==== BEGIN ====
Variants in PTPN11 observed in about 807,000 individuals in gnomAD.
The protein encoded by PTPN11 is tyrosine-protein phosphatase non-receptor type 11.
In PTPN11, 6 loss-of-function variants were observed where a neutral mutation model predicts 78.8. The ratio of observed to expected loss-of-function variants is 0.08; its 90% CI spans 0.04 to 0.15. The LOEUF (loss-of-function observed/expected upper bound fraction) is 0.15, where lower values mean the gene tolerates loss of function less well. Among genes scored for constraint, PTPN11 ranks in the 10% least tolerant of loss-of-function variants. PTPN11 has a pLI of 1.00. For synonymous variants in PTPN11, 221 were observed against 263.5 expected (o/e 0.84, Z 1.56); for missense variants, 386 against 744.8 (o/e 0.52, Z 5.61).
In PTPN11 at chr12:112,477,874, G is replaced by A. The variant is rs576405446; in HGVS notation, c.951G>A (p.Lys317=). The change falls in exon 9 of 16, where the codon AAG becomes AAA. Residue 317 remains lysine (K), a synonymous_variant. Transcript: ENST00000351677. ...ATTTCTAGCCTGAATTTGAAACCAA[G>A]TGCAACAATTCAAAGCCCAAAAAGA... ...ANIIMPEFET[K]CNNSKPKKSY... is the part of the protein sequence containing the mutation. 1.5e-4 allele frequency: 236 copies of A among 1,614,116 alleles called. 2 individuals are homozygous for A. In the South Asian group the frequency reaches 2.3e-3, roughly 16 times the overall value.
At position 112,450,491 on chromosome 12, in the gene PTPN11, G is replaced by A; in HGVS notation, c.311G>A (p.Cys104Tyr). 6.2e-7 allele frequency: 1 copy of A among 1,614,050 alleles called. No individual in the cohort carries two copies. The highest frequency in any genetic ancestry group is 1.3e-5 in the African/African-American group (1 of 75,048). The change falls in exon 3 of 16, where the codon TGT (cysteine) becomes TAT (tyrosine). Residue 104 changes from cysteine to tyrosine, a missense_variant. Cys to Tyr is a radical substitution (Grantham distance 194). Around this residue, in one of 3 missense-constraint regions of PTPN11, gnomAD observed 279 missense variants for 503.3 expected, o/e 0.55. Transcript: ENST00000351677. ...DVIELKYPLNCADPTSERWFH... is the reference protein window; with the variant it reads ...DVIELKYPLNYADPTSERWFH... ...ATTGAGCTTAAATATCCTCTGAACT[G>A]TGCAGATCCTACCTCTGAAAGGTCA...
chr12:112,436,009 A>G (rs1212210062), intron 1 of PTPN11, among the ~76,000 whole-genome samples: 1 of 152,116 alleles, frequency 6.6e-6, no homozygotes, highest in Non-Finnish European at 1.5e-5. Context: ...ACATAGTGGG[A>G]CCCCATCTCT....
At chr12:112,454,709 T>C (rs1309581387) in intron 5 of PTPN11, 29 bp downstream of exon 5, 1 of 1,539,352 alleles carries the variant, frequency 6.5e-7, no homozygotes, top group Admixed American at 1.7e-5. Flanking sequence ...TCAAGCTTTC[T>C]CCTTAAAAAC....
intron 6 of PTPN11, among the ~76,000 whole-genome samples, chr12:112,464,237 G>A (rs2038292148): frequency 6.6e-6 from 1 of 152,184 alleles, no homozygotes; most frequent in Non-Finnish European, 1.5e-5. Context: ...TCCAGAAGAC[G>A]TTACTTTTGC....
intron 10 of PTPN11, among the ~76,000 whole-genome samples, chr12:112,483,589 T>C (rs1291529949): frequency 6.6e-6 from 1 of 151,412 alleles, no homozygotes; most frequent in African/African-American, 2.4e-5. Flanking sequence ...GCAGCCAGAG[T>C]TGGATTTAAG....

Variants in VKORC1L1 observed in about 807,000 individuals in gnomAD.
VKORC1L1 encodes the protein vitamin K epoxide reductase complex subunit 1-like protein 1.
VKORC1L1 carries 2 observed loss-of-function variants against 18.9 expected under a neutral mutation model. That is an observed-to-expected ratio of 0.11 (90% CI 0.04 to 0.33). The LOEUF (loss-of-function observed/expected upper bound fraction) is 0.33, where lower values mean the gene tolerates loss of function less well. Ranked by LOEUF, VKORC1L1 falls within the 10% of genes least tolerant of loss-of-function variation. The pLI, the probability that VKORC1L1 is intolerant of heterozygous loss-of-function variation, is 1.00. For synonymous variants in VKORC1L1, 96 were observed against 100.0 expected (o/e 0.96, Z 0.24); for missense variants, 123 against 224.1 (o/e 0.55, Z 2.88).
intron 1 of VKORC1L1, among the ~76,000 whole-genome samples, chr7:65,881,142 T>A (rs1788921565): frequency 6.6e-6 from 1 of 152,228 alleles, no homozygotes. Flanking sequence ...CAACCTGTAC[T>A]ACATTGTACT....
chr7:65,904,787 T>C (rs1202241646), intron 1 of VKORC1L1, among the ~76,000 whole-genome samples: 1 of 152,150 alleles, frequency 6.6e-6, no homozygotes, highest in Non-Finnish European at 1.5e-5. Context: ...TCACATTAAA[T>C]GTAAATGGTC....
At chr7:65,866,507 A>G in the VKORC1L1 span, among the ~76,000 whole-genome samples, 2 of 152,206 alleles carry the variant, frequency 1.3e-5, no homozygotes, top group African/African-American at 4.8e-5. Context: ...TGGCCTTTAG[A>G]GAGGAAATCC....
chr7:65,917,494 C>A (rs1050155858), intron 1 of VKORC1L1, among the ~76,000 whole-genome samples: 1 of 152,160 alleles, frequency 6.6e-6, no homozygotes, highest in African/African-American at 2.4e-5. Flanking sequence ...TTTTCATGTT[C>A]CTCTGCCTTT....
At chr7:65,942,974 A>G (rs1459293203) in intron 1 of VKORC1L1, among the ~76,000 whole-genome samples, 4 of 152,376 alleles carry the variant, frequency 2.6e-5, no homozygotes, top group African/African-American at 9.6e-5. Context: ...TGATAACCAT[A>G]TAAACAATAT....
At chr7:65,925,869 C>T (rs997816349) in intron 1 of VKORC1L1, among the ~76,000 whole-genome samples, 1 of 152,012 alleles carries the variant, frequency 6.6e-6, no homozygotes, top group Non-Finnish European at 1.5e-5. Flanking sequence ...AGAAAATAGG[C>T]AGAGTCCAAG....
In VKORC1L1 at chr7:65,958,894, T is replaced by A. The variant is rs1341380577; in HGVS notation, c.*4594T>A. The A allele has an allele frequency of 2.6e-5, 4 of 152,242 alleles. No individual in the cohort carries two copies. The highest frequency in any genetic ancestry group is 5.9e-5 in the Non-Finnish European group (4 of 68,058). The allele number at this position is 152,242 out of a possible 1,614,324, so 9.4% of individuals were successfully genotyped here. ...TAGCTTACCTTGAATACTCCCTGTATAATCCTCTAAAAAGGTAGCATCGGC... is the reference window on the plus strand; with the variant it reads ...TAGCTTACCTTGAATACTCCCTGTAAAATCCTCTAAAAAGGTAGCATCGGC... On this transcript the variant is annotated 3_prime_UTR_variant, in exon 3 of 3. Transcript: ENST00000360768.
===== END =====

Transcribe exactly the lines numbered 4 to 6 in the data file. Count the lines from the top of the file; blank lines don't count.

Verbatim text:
In PTPN11 at chr12:112,477,874, G is replaced by A. The variant is rs576405446; in HGVS notation, c.951G>A (p.Lys317=). The change falls in exon 9 of 16, where the codon AAG becomes AAA. Residue 317 remains lysine (K), a synonymous_variant. Transcript: ENST00000351677. ...ATTTCTAGCCTGAATTTGAAACCAA[G>A]TGCAACAATTCAAAGCCCAAAAAGA... ...ANIIMPEFET[K]CNNSKPKKSY... is the part of the protein sequence containing the mutation. 1.5e-4 allele frequency: 236 copies of A among 1,614,116 alleles called. 2 individuals are homozygous for A. In the South Asian group the frequency reaches 2.3e-3, roughly 16 times the overall value.
At position 112,450,491 on chromosome 12, in the gene PTPN11, G is replaced by A; in HGVS notation, c.311G>A (p.Cys104Tyr). 6.2e-7 allele frequency: 1 copy of A among 1,614,050 alleles called. No individual in the cohort carries two copies. The highest frequency in any genetic ancestry group is 1.3e-5 in the African/African-American group (1 of 75,048). The change falls in exon 3 of 16, where the codon TGT (cysteine) becomes TAT (tyrosine). Residue 104 changes from cysteine to tyrosine, a missense_variant. Cys to Tyr is a radical substitution (Grantham distance 194). Around this residue, in one of 3 missense-constraint regions of PTPN11, gnomAD observed 279 missense variants for 503.3 expected, o/e 0.55. Transcript: ENST00000351677. ...DVIELKYPLNCADPTSERWFH... is the reference protein window; with the variant it reads ...DVIELKYPLNYADPTSERWFH... ...ATTGAGCTTAAATATCCTCTGAACT[G>A]TGCAGATCCTACCTCTGAAAGGTCA...
chr12:112,436,009 A>G (rs1212210062), intron 1 of PTPN11, among the ~76,000 whole-genome samples: 1 of 152,116 alleles, frequency 6.6e-6, no homozygotes, highest in Non-Finnish European at 1.5e-5. Context: ...ACATAGTGGG[A>G]CCCCATCTCT....